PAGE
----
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Electronics for dummies - McComb G.

McComb G., Boes E. Electronics for dummies - Wiley publishing, 2005. - 433 p.
ISBN: 0-7645-7660-7
Download (direct link): electronicsfordummies2005.pdf
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Voltage and current work hand-in-hand and in ways that directly influence the severity of electrical shock. Consider the analogy of water flowing through a pipe. Think of the water as representing the electricity. Increasing the diameter of the pipe to let more water through is like increasing current. Imagine being under a drain pipe for the Hoover Dam! Increasing the pressure of the
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Chapter 2: Keeping Humans and Gadgets Safe
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water in the pipe is like increasing voltage. You know that even small amounts of water at high pressure can be devastating. The same is true of electricity, where even low voltages at high currents can potentially kill you.
Is it AC or DC?
You can describe electrical current as being either of the following
Direct (DC): The electrons flow one way through a wire or circuit.
Alternating (AC): The electrons flow one way, then another, in a continuing cycle.
If this stuff is new to you, you may want to go back and read Chapter 1 for a more detailed discussion.
Household electrical systems in the U.S. and Canada operate at about 117 volts AC. This significantly high voltage can, and does, kill. You must exercise extreme caution whenever you work with it.
Until you become experienced working with electronics, youíre best off avoiding circuits that run directly off household current. Stay with circuits that run off standard-size batteries, or those small plug-in wall transformers. Unless you do something silly, like lick the terminal of a 9-volt battery (yes, you get a shock!), youíre fairly safe with these voltages and currents.
The main danger of household current is the effect it can have on the heart muscle. High AC current can cause severe muscle contraction, serious burns, or both. And many electrocution accidents occur when no one is around to help the victim.
Burns are the most common form of injury caused by high DC current. Remember that voltage doesnít have to come from a souped-up power plant to be dangerous. For example, donít be lulled into thinking that because a transistor battery delivers only nine volts, itís harmless. If you short the terminals of the battery with a piece of wire or a metal coin, the battery may overheat ó and can even explode! In the explosion, tiny battery pieces can fly out at high velocity, burning skin or injuring eyes.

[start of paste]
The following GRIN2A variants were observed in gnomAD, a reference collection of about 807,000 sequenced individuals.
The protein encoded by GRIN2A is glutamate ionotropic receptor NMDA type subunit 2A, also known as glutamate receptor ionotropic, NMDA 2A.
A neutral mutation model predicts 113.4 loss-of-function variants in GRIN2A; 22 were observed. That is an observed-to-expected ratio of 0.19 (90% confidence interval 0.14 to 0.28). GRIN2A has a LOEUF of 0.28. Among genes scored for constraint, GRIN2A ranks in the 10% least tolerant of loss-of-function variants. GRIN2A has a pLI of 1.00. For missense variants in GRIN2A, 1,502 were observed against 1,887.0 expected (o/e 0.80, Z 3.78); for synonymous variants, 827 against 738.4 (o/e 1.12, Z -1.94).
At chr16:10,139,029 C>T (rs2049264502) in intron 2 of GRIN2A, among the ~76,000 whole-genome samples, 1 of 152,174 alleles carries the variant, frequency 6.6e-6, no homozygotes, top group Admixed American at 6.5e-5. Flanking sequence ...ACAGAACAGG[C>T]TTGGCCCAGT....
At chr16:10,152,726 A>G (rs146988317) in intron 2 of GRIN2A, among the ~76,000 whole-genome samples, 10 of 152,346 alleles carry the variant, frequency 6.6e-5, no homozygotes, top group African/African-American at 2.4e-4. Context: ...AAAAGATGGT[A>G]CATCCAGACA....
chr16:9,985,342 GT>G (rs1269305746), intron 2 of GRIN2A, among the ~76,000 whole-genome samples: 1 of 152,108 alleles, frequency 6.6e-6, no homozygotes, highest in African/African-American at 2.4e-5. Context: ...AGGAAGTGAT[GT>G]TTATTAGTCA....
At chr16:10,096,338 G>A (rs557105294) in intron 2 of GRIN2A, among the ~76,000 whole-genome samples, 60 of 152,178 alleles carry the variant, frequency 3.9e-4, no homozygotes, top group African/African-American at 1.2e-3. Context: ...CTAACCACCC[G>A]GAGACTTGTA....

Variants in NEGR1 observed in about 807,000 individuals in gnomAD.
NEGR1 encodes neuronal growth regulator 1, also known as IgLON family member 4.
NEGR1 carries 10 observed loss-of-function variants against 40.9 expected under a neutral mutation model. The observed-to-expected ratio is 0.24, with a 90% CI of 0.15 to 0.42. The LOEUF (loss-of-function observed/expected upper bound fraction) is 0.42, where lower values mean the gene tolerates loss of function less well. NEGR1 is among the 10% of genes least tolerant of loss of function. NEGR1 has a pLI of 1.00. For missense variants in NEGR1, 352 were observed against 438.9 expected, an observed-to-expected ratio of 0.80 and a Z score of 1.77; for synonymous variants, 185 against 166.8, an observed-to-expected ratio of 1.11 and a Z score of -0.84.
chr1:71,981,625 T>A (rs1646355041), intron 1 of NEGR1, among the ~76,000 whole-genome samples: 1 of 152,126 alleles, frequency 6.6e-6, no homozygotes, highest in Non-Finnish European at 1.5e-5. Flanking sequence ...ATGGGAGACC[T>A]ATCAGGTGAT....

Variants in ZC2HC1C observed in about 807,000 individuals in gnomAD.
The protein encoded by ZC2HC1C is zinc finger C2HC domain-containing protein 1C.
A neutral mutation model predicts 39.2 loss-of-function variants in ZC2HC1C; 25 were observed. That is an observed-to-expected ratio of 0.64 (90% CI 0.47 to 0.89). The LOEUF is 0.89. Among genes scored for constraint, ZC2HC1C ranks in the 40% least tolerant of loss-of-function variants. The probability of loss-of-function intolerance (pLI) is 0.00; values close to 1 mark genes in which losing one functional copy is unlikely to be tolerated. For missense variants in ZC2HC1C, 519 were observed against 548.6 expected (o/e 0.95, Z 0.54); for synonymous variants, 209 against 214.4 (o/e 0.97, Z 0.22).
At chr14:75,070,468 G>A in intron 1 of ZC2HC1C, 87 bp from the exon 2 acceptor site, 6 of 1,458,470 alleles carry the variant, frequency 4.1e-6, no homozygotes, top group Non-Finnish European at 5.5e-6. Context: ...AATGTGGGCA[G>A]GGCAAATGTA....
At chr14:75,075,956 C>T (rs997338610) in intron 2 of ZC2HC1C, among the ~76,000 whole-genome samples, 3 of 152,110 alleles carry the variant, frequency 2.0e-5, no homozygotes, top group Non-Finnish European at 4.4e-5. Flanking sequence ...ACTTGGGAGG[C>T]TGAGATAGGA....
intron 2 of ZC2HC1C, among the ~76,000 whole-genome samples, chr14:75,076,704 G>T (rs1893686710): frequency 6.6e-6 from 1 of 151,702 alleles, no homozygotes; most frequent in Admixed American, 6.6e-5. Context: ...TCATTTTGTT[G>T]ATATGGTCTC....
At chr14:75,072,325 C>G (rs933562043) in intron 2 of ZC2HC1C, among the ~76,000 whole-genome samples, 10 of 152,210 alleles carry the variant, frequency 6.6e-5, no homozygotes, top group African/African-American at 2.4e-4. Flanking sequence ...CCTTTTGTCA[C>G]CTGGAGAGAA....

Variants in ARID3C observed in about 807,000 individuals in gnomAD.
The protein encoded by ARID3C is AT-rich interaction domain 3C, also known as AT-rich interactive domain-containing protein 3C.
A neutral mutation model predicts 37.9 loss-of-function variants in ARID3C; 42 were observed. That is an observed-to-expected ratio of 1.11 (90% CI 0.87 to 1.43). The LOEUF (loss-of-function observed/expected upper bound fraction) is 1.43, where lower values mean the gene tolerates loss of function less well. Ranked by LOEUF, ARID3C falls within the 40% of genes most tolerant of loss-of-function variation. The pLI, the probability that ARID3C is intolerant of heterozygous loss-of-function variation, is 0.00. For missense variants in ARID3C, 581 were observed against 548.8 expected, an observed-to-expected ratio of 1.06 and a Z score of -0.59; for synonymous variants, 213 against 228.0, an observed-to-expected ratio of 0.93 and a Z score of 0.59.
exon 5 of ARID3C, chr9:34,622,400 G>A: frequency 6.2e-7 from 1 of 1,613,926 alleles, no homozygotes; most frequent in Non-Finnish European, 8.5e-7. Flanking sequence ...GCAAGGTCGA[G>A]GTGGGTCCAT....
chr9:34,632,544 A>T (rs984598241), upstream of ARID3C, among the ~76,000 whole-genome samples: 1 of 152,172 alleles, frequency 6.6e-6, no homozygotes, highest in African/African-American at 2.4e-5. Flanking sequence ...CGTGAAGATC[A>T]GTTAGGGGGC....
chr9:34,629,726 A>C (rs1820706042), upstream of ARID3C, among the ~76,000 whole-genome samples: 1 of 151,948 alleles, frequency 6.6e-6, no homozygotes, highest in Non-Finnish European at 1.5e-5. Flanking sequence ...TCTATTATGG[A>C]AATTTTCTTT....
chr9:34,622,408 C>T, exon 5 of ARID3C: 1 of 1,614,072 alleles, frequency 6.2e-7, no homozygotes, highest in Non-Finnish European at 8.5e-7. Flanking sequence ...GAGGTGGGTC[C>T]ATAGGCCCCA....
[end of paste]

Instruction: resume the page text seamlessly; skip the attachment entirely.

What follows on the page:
Trying to not get electrocuted
Most electrocution accidents happen because of carelessness. Be smart about what youíre doing, and you will significantly reduce the risk of being hurt by electricity.
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Part I: Getting Started in Electronics
Here are a few handy electrocution prevention tips:
Avoid working with AC-operated circuits. Of course, you canít always do this. If your project requires an AC power supply (the power supply converts the AC to lower-voltage DC), consider using a self-contained one, such as a plug-in wall transformer. Theyíre much safer than a homemade power supply.
^ Physically separate the AC and DC portions of your circuits. This helps to prevent a bad shock if a wire comes loose.
^ Make sure you secure all wiring inside your project. Donít just tape the AC cord inside the project enclosure. It may pull out sometime, exposing a live wire. Use a strain relief or a cable mount to secure the cord to the enclosure. A strain relief clamps around the wire and prevents you from tugging the wire out of the enclosure. You can buy a strain relief for electrical cords at almost any hardware store or electronics shop.
^ Whenever possible, use a metal enclosure for your AC-operated projects, but only if the enclosure is fully grounded. You need to use a 3-
prong electrical plug and wire for this. Be sure to firmly attach the green wire (which is always the ground wire; ground is used as a reference for all voltages in a circuit) to the metal of the enclosure.
^ If you canít guarantee a fully-grounded system, use a plastic enclosure.
The plastic helps insulate you from any loose wires or accidental electrocution. For projects that arenít fully grounded, only use an isolated power supply, such as a wall transformer (a black box with plug prongs which is attached to a wire, such as you may have on your cell phone charger). You plug the transformer into the wall, and only relatively safe low-voltage DC comes out.
^ Donít be the class clown. Be serious and focused while youíre working around electricity.
^ Donít work where itís wet. ďYeah, duh!Ē you say. But youíd be surprised what people sometimes do when theyíre not paying attention. And remember, just because you put liquid in a cup, that doesnít mean you donít run the risk of knocking it over and getting things wet; consider leaving your soft drink or coffee on an out of the way shelf when working on your electronics project.
Practice the buddy system. Whenever possible, have a buddy nearby if youíre working around AC voltages. You want someone around who can dial 9-1-1 when youíre lying on the ground unconscious. Seriously.
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